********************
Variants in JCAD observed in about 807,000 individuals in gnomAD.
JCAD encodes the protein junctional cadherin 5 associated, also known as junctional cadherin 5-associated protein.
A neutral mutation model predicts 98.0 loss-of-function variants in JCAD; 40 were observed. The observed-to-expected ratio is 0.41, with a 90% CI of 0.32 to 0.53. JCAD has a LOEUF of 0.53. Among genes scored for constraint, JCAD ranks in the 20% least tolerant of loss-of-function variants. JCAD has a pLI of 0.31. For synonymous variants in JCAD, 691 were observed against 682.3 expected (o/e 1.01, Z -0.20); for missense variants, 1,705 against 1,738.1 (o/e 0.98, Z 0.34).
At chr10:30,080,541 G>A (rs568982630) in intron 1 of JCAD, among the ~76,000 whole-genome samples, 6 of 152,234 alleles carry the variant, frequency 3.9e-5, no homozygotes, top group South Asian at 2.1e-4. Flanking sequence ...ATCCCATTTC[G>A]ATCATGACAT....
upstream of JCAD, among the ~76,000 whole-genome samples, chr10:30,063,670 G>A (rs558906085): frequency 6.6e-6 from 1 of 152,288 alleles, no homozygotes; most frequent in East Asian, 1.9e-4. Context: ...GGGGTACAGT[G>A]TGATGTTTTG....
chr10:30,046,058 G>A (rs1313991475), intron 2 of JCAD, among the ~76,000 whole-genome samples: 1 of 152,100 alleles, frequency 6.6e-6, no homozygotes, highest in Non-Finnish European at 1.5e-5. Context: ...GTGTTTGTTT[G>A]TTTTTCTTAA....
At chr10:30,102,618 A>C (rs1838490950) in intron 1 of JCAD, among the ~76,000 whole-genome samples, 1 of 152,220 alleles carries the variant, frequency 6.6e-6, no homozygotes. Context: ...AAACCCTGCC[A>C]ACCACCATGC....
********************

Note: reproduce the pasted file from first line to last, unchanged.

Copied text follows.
Variants in JCAD observed in about 807,000 individuals in gnomAD.
JCAD encodes the protein junctional cadherin 5 associated, also known as junctional cadherin 5-associated protein.
A neutral mutation model predicts 98.0 loss-of-function variants in JCAD; 40 were observed. The observed-to-expected ratio is 0.41, with a 90% CI of 0.32 to 0.53. JCAD has a LOEUF of 0.53. Among genes scored for constraint, JCAD ranks in the 20% least tolerant of loss-of-function variants. JCAD has a pLI of 0.31. For synonymous variants in JCAD, 691 were observed against 682.3 expected (o/e 1.01, Z -0.20); for missense variants, 1,705 against 1,738.1 (o/e 0.98, Z 0.34).
At chr10:30,080,541 G>A (rs568982630) in intron 1 of JCAD, among the ~76,000 whole-genome samples, 6 of 152,234 alleles carry the variant, frequency 3.9e-5, no homozygotes, top group South Asian at 2.1e-4. Flanking sequence ...ATCCCATTTC[G>A]ATCATGACAT....
upstream of JCAD, among the ~76,000 whole-genome samples, chr10:30,063,670 G>A (rs558906085): frequency 6.6e-6 from 1 of 152,288 alleles, no homozygotes; most frequent in East Asian, 1.9e-4. Context: ...GGGGTACAGT[G>A]TGATGTTTTG....
chr10:30,046,058 G>A (rs1313991475), intron 2 of JCAD, among the ~76,000 whole-genome samples: 1 of 152,100 alleles, frequency 6.6e-6, no homozygotes, highest in Non-Finnish European at 1.5e-5. Context: ...GTGTTTGTTT[G>A]TTTTTCTTAA....
At chr10:30,102,618 A>C (rs1838490950) in intron 1 of JCAD, among the ~76,000 whole-genome samples, 1 of 152,220 alleles carries the variant, frequency 6.6e-6, no homozygotes. Context: ...AAACCCTGCC[A>C]ACCACCATGC....